Tim Burvill owns his own brand called RockBare, and is also the Production Manager for Endeavour Vineyards. Usually one of these roles would be enough for most people, but you come to expect that kind of intensity of commitment and interest in the wine industry, after you learn something of Tim's background.
"I grew up in WA and came over to study at Roseworthy College in South Australia in 1993. Growing up as a kid, all I ever wanted to be was a winemaker. I completed an Honours degree in Winemaking and then started with Penfolds (which is now part of Beringer Blass), and worked with them for five or six years. I then started my own winery in 2001, called RockBare, sourcing Chardonnay and Shiraz fruit from McLaren Vale. I also manage all the production, as well as sitting on the Board of a company called Endeavour Vineyards.
"Endeavour Vineyards has a philosophy of making wines from regions that are suited to a particular variety. So for instance, we make a Marlborough Sauvignon Blanc brand called Catalina Sounds. We've also got brands from Central Otago in NZ, the Adelaide Hills and the Yarra Valley. And then we have some very good volume brands that go to the U.S, called Jackaroo and Buckley's. These two brands represent over 100,000 cases of sales every year. And they are great for capitalising on Tim Burvill economies of scale, especially in packaging and freight forwarding."
"We recently swapped over to Loscam for our pallets, and did so for a number of reasons.”Firstly, the quality of the pallets is a hell of a lot better, and another factor was the close connection that Ashley Wright, from John Crack Freight Forwarders, had with Nicole, the Loscam representative. My business is all about relationships, and recommendations from people that I know and trust go a long way with me.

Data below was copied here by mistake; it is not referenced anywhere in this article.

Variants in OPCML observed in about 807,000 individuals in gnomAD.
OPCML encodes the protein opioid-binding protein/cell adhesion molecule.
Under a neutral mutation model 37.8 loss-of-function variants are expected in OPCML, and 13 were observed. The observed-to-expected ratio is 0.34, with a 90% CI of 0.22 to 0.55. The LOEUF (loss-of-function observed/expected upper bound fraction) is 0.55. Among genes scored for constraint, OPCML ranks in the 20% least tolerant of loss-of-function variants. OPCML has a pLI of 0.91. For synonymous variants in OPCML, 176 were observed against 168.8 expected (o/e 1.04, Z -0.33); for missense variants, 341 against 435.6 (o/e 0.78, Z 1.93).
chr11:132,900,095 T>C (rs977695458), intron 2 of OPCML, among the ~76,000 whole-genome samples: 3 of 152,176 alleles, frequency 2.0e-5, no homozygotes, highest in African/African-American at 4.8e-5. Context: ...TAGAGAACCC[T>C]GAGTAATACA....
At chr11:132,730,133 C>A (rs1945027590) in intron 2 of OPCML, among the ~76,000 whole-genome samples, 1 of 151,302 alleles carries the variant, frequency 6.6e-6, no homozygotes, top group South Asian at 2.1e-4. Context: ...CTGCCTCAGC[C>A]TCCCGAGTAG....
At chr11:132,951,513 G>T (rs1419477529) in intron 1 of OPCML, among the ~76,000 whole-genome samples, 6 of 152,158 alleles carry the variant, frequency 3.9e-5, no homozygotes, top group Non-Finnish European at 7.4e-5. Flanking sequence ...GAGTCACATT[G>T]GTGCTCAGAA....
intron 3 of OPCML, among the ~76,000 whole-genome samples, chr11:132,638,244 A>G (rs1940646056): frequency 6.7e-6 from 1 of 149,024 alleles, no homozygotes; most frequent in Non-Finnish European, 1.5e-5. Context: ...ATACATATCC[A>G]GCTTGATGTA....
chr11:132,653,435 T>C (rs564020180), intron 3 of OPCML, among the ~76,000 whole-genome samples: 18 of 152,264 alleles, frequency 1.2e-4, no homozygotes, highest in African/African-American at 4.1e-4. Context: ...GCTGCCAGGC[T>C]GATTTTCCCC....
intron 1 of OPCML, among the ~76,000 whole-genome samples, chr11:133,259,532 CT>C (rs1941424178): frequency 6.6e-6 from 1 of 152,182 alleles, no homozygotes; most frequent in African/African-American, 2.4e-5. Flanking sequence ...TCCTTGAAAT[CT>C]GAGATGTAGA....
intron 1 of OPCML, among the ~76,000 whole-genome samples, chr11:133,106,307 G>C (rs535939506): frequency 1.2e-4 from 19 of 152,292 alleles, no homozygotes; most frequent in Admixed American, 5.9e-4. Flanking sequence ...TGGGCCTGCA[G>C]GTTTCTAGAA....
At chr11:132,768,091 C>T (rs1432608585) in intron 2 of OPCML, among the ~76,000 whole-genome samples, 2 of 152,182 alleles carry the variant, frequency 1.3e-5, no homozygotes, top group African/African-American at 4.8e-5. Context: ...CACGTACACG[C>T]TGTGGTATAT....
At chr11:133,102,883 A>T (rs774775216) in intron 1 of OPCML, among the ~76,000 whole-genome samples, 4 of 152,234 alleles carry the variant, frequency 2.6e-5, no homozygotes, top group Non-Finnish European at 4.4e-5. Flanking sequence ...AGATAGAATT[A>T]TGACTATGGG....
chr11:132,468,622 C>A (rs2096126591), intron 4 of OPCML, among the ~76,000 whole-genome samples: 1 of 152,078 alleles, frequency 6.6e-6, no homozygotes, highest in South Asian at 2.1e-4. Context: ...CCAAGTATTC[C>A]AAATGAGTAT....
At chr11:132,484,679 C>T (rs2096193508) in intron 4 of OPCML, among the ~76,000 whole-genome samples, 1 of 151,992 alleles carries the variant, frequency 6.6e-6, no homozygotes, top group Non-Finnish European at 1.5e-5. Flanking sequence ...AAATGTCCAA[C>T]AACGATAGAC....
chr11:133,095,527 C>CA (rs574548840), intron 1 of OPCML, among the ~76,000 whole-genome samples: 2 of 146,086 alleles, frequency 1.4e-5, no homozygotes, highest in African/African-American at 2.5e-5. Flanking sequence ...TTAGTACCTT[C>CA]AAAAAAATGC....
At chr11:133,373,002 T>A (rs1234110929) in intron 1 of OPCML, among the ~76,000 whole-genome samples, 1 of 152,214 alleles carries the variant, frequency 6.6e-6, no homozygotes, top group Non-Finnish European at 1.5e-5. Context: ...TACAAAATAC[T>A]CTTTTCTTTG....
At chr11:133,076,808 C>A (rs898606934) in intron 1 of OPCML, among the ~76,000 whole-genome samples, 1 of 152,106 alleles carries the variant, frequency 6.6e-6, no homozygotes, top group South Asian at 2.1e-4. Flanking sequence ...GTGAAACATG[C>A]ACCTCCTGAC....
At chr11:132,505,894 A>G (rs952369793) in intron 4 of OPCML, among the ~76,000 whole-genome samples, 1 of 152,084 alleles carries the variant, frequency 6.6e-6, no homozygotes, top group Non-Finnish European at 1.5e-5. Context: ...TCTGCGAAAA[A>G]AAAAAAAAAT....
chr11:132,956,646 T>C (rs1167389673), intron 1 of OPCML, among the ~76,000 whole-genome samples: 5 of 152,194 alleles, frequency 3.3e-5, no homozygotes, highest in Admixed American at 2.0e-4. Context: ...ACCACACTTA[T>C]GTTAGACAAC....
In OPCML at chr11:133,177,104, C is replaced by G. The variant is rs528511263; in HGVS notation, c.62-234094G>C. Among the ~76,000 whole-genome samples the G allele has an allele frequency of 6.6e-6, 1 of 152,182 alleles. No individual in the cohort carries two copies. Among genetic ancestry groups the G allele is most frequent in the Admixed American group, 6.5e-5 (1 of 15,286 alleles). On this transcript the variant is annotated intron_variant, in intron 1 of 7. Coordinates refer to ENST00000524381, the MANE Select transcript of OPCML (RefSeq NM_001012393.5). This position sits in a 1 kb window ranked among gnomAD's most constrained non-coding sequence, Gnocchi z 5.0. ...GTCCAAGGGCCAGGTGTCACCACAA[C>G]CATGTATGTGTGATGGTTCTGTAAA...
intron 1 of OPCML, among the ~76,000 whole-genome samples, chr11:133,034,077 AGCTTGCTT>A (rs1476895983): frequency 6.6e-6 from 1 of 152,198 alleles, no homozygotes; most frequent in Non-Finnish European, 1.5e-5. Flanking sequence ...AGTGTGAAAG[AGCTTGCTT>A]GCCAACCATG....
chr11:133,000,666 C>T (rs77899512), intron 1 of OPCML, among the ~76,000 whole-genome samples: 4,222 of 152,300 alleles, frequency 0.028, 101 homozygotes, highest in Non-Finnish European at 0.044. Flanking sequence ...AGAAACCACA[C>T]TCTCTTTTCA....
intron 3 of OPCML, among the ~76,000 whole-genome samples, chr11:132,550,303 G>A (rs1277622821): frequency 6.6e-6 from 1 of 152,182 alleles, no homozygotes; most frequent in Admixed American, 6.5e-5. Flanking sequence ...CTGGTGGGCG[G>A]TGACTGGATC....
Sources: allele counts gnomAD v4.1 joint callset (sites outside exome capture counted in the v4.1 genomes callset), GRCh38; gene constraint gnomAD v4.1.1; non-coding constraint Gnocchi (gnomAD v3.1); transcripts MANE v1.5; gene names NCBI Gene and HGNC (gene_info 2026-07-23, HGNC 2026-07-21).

"The pricing was also below what we had been paying and the 4-way export pallets really suit our operation,” Tim said.
The company wants to do more exporting.
"We used to use export pallets and pack the wines directly into the Containers. The US, which is our major market, won't allow wood pallets coming in from other countries because of quarantine restrictions, so we have had to go to slip-sheets and it actually worked out a lot cheaper using plain export pallets.
“When you stack the normal domestic pallet, you stack with 64, but when you do a slip-sheet you stack 56, which doesn't really sit too well on a bigger pallet. It makes it hard to stack. So that configuration was an added appeal that Loscam had - pallets that are very suitable for slip-sheeting. I'm very, very happy with the service and have told a few other wineries about them."